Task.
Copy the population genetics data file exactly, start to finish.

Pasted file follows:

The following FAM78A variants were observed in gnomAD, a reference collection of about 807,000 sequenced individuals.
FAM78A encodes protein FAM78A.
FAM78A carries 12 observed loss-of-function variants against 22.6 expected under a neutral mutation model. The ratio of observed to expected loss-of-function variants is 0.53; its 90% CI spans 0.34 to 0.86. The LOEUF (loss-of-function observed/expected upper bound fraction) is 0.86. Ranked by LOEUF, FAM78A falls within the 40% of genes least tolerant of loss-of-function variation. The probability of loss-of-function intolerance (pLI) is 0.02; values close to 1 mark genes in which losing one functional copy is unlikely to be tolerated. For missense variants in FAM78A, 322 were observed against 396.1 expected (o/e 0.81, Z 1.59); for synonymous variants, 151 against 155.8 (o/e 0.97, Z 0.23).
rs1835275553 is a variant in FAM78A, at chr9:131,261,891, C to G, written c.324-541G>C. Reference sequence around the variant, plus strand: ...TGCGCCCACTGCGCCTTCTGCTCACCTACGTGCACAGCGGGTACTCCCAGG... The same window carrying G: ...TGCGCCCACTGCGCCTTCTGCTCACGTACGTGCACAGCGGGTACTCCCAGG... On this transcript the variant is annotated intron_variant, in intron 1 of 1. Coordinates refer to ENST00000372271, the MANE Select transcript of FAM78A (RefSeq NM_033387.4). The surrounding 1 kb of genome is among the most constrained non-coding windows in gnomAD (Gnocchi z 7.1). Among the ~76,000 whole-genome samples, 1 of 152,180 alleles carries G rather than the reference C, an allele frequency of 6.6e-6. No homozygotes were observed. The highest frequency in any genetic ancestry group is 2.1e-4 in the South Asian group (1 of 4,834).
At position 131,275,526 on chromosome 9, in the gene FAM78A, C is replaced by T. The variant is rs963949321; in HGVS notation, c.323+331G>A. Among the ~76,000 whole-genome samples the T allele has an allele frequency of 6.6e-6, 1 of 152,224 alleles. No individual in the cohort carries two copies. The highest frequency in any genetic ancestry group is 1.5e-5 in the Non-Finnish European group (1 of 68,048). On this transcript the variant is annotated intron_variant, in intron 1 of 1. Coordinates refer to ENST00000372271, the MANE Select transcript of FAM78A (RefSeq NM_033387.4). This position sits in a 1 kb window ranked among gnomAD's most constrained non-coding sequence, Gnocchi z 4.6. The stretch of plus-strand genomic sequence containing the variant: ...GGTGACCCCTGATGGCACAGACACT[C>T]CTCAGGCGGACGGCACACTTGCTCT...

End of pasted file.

The following FAM78A variants were observed in gnomAD, a reference collection of about 807,000 sequenced individuals.
FAM78A encodes protein FAM78A.
FAM78A carries 12 observed loss-of-function variants against 22.6 expected under a neutral mutation model. The ratio of observed to expected loss-of-function variants is 0.53; its 90% CI spans 0.34 to 0.86. The LOEUF (loss-of-function observed/expected upper bound fraction) is 0.86. Ranked by LOEUF, FAM78A falls within the 40% of genes least tolerant of loss-of-function variation. The probability of loss-of-function intolerance (pLI) is 0.02; values close to 1 mark genes in which losing one functional copy is unlikely to be tolerated. For missense variants in FAM78A, 322 were observed against 396.1 expected (o/e 0.81, Z 1.59); for synonymous variants, 151 against 155.8 (o/e 0.97, Z 0.23).
rs1835275553 is a variant in FAM78A, at chr9:131,261,891, C to G, written c.324-541G>C. Reference sequence around the variant, plus strand: ...TGCGCCCACTGCGCCTTCTGCTCACCTACGTGCACAGCGGGTACTCCCAGG... The same window carrying G: ...TGCGCCCACTGCGCCTTCTGCTCACGTACGTGCACAGCGGGTACTCCCAGG... On this transcript the variant is annotated intron_variant, in intron 1 of 1. Coordinates refer to ENST00000372271, the MANE Select transcript of FAM78A (RefSeq NM_033387.4). The surrounding 1 kb of genome is among the most constrained non-coding windows in gnomAD (Gnocchi z 7.1). Among the ~76,000 whole-genome samples, 1 of 152,180 alleles carries G rather than the reference C, an allele frequency of 6.6e-6. No homozygotes were observed. The highest frequency in any genetic ancestry group is 2.1e-4 in the South Asian group (1 of 4,834).
At position 131,275,526 on chromosome 9, in the gene FAM78A, C is replaced by T. The variant is rs963949321; in HGVS notation, c.323+331G>A. Among the ~76,000 whole-genome samples the T allele has an allele frequency of 6.6e-6, 1 of 152,224 alleles. No individual in the cohort carries two copies. The highest frequency in any genetic ancestry group is 1.5e-5 in the Non-Finnish European group (1 of 68,048). On this transcript the variant is annotated intron_variant, in intron 1 of 1. Coordinates refer to ENST00000372271, the MANE Select transcript of FAM78A (RefSeq NM_033387.4). This position sits in a 1 kb window ranked among gnomAD's most constrained non-coding sequence, Gnocchi z 4.6. The stretch of plus-strand genomic sequence containing the variant: ...GGTGACCCCTGATGGCACAGACACT[C>T]CTCAGGCGGACGGCACACTTGCTCT...